At North Versailles Bowling Center, bowlers hurl spheroids down well-waxed lanes crowned with a stunning diorama of the nighttime Pittsburgh skyline, taking timeouts to enjoy frosty beverages and cheesy pizzas from the nearby snack bar. Friday and Saturday nights are celebrated with glowing lights and music played by a virtual DJ, and ball hurlers attempt to celebrate the memory of Sir Isaac Newton by temporarily suspending the laws of physics with each roll. When they aren?t racking up strikes on the lanes or browsing Columbia, Storm, and Brunswick gear in the pro shop, visitors watch Pittsburgh sports teams on the lounge's five HDTVs or challenge each other to friendly rounds of billiards or trivia.
What is there to do at Grand Vue Park? The answer to that question changes constantly. In warmer weather, its more than 650 acres present wooded trails for walking and biking, plus three ways to golf?mini golf, disc golf, and a full three-par course. Depending on the month, all of these activities come with a side of bird watching; different species flock to four feeding stations throughout the park.
Oftentimes birds aren't the only ones creating music, since outdoor festivals occasionally take over the grounds and most drummers love the taste of birdseed. Yet, perhaps the grandest spectacle takes place at the treetops, where eight dual zipline routes zoom through canopies that take on a rainbow of colors during fall. Once the transition to winter completes, it's the perfect time to skate around the ice rink.
More than 50 years ago, Mr. John E. Connelly set his sights on cleaning up Pittsburgh's polluted three rivers and returning them to their former glory as the Steel City's heart and soul. As then-treasurer of the Allegheny County Sanitary Authority, John was in a prime position to complete his ambition. With the belief that he could get the public engaged and committed to a cleanup, he decided to give the local people access to the rivers via boat tours, knowing the city's characteristic architecture as viewed from the rivers would engender a genuine appreciation for the region's waterways and environment.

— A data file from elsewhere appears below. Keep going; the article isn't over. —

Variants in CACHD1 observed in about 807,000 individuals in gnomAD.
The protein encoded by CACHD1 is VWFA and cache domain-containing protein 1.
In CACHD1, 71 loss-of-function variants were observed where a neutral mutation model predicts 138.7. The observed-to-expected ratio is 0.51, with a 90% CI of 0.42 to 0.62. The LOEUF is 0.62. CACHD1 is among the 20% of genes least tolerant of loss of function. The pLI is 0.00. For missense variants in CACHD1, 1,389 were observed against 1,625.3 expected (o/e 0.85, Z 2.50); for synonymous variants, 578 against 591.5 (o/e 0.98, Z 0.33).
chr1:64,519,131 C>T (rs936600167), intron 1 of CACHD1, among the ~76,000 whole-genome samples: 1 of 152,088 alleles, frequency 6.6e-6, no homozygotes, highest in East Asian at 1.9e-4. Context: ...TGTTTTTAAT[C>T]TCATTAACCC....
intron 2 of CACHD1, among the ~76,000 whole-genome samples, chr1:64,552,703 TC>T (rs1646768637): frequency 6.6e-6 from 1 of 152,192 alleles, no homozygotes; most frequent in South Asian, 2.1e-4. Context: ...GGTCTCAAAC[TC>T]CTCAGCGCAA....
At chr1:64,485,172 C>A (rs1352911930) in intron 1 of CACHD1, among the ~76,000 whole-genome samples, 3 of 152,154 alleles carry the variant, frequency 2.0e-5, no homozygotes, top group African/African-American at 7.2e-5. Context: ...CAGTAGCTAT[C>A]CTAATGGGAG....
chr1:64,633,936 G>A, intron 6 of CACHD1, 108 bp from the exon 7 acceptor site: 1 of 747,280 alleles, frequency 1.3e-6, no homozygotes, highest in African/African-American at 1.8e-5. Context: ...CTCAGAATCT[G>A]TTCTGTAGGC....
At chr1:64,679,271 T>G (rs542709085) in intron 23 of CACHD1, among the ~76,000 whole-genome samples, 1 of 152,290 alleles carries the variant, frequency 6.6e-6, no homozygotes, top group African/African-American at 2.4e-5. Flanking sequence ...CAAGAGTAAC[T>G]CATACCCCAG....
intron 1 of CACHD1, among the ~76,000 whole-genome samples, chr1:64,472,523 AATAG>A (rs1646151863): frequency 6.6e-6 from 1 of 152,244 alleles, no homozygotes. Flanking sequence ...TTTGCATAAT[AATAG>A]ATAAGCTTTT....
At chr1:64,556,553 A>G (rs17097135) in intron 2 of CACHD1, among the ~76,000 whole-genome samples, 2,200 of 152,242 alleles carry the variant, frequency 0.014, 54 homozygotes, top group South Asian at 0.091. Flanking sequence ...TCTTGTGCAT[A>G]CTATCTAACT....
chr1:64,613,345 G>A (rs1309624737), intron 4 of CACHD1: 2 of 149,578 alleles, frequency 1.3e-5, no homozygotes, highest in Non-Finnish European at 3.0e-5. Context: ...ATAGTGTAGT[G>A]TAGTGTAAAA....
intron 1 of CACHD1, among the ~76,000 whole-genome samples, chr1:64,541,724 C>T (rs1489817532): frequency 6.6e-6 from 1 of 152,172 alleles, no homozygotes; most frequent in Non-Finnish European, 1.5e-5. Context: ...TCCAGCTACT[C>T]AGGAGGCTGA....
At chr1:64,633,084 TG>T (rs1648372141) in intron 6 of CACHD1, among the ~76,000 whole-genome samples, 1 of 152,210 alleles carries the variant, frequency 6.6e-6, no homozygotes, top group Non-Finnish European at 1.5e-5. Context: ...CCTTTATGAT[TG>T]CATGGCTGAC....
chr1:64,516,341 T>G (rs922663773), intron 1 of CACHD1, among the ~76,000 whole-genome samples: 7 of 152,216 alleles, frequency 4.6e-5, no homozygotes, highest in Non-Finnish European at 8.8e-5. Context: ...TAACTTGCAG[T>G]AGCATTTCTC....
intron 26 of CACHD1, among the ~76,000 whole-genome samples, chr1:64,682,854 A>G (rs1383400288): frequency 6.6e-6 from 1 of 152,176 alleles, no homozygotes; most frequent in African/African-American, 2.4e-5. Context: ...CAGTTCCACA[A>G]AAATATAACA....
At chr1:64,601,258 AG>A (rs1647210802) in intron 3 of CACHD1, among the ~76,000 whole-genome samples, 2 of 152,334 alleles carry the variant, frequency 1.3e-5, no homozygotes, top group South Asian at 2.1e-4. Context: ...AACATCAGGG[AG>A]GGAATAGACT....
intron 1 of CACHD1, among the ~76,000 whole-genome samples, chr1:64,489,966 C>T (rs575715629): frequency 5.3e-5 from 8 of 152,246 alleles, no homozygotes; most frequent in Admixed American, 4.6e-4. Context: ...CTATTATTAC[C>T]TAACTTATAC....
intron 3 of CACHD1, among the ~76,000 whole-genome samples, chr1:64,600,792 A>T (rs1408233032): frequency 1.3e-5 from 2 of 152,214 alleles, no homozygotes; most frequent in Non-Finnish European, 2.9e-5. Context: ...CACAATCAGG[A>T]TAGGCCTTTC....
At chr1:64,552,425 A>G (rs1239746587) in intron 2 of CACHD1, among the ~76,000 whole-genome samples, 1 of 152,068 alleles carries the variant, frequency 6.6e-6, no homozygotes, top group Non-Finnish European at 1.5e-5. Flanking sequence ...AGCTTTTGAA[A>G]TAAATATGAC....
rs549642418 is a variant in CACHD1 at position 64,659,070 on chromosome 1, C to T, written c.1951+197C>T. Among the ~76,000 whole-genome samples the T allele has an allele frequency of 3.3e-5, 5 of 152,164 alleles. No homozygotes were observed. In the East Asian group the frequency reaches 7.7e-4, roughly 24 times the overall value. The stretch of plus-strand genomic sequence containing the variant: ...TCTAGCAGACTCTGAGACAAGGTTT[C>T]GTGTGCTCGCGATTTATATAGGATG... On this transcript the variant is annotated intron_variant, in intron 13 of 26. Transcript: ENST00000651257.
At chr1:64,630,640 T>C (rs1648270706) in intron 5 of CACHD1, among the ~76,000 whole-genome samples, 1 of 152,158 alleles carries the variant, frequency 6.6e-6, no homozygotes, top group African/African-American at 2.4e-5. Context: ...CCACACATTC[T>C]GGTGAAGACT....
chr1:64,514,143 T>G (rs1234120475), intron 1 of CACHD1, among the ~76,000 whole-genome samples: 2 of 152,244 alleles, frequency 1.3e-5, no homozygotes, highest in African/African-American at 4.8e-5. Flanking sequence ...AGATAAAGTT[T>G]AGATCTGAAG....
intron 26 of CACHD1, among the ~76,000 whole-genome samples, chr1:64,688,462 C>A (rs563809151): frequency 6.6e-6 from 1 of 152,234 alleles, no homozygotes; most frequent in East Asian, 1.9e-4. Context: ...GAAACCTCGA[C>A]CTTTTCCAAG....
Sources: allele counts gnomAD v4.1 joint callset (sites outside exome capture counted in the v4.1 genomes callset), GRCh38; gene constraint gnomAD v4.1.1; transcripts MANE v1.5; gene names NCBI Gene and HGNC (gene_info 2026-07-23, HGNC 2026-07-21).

After getting his nephew, Captain Jack Goessling, on board, John purchased a 100-passenger fishing boat they would christen the Gateway Clipper, which would later launch from Monongahela Wharf for the first of its many pleasure cruises. Today, with Gateway Clipper Fleet, his dream of engaging locals and visitors in the city's history and waterways thrives with a fleet that has grown to five boats capable of accommodating 2,500 guests. Through the years, the fleet has ferried more than 25 million passengers, treating them to dinner cruises, sightseeing tours, and entertainment jaunts along the clean, blue waters of Pittsburgh's three rivers.
Rising six floors above the historic Strip District, the Senator John Heinz History Center's handsome, red brick exterior houses 275,000 square feet of exhibits devoted to Western Pennsylvania history. Long-term exhibits include From Slavery to Freedom, which traces the quest for equality from the anti-slavery movement to the modern struggles for Civil Rights. Pittsburgh: A History of Innovation highlights the men and women behind the 250-year history of the region, whereas the Western Pennsylvania Sports Museum delves into the history and lore of local athletics, from the Steelers? Immaculate Reception to Bill Mazeroski's title-clinching home run in game seven of the 1960 World Series. The museum also hosts nationally renowned traveling exhibits; click to see a list of current exhibits.
Perched in the Steel City's Cultural District downtown and staffed by passionate volunteers, the nonprofit ToonSeum pays homage to the art of the cartoon with rotating exhibits, kids' classes, and hands-on entertainment for all ages. Exhibitions have ranged from collections of original work to special displays honoring artists such as Pennsylvania native, Keith Haring. Contributing to the museum's ongoing educational mission, local cartoonists often donate their own time to teach fun-filled workshops or share the bleak realities of living with a talking cat.
The Nesbit family has run its namesake bowling alley for more than 65 years, welcoming generations of customers into its friendly environment. Eight lanes of lightly stained wood welcome casual bowlers or committed summer league competition, and the lane's gray alleys accommodate bumpers for novice bowlers or bumper-car drivers gone off course.
The Nesbits also use their business to bring people together for community fundraising events, as well as their annual, hotly contested Nesbit's Lanes Open. The 30-year-old tourney puts combatants through a treacherous gauntlet of qualifiers, match play, and finals as they vie for a cash prize.